Great Smoky Mountains National Park
Just minutes away from your rental cabin!

Just the Bear Facts
Just for Kids
Natural History of the Park
If You Just Have One Day

GSMNP Highlights

• Established: The Great Smoky Mountains National Park was created in 1934 to protect the last remnant of the southern Appalachian forest that was being exterminated by extensive logging.

• Area: The park encompasses 520,976 acres of land.

• Elevations: The highest elevation is the summit of Clingman's Dome at 6,643 feet above sea level. The lowest point is the mouth of Abrams Creek at 840 feet above sea level.

• Plant Species: There are over 1,600 species of flowering plants in the park. This includes 125 species of native trees.
• Animal Species: There are 200 species of birds, 50 species of fish, and 60 species of mammals. The park is America's salamander capital with 30 species of these creatures.

• Number of Visitors: The park receives almost 10 million visitors each year. It is the most visited national park in our country.

• Park Activities: The park has an abundance of activities throughout the year including: hiking, bicycling, fishing, picnicking, campfire programs, horseback riding, cross-country skiing, ranger talks and walks, pioneer life exhibits and annual festivals. There is something for all interests and age groups.

• Hiking: There are over 800 miles of trails to hike. Also, the Appalachian Trail cuts through the Great Smoky Mountains National Park on its way to its southern terminus in Georgia. There is approximately 70 miles of the AT through the park.

• Camping: The park has 1,008 developed campsites and 100 primitive campsites.

• Horseback Riding: The park has an extensive system of trails for horses and is considered the best riding area in the eastern part of the United States.

Park History

The Great Smoky Mountains National Park straddles the border of Tennessee and North Carolina and is the most visited national park in the United States with more than 10 million visitors each year. The Park encompasses 521,000 acres and the mountains are the highest in the Appalachian Range.

The first documented inhabitants of the area encompassed by the park were the Cherokee Indians. The Cherokees were farmers and hunters. They had a fairly sophisticated lifestyle and most could read and write the Cherokee language, developed by Sequoia. They lived primarily in log cabin type buildings made of logs and mud. In 1830, the majority of the Cherokee were forced to leave their ancestral homes, complete a forced march and relocate in Oklahoma. Later, some of them returned and rejoined those who had stayed in the forests. Today, this Eastern Band of the Cherokee have a reservation on the North Carolina side of the Great Smoky Mountains National Park. It was the Cherokee people who called this land the "Place of the Blue Smoke" for the beautiful bluish haze that rises in these mountains.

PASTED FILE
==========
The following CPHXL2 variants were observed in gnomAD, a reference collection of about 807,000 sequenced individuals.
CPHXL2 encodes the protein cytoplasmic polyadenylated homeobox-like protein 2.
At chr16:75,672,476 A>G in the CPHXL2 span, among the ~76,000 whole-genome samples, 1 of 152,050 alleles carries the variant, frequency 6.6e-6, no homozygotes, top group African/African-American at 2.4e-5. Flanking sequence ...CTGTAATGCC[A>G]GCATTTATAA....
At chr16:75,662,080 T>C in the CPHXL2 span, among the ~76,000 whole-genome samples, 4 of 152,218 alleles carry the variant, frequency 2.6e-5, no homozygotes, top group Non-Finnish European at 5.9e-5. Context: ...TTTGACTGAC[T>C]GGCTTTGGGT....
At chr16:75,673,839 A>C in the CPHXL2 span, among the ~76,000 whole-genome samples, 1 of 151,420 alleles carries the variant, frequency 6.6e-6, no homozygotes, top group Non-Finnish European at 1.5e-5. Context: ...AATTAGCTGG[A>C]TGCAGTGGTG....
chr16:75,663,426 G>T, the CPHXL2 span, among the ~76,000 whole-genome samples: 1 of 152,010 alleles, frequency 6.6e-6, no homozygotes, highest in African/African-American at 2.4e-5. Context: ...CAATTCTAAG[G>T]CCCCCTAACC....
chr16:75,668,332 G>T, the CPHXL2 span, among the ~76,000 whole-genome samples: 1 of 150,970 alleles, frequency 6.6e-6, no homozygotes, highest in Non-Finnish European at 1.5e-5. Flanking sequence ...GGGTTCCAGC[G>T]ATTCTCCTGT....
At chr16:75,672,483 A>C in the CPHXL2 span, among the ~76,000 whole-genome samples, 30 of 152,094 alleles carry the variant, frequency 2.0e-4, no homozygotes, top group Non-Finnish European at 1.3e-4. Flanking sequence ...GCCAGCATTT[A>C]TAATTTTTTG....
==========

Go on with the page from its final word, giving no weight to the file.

Shortly after the beginning of the 20th century, the logging industry developed in the Smokies and by the mid 1930s almost 65% of the forest had been cut. Railroads and farms grew to support the loggers. In 1934, with the help of many people and particularly, John D. Rockefeller, Jr., the land was purchased and given to the Federal Government. On September 2, 1940, President Franklin D. Roosevelt dedicated the Park to the American people.

The Great Smoky Mountains National Park is home to the world's most diversified collection of plants, animals, birds and other living creatures. There are more species of plants than any other area in North America! Perhaps the most famous "critter" in the Park is the black bears. Although hunting is not allowed in the Park, bird watching and fishing are permitted year round.

Fishing In The Park

Fishing in the Great Smoky Mountains National Park requires a valid Tennessee or North Carolina fishing license. These are not available in the Park, but are obtainable from several sources in the surrounding towns. A separate trout stamp is not required. The age requirements are: thirteen (13) and up in Tennessee; sixteen (16) and up in North Carolina. Fishing is permitted year-round in open waters, from a half hour before sunrise to a half hour after sunset.

There are some streams closed to fishing. This is to protect the brook trout, which is a threatened species and to study its habitat and lifestyle. A list of these streams can be obtained at a ranger station or visitor center.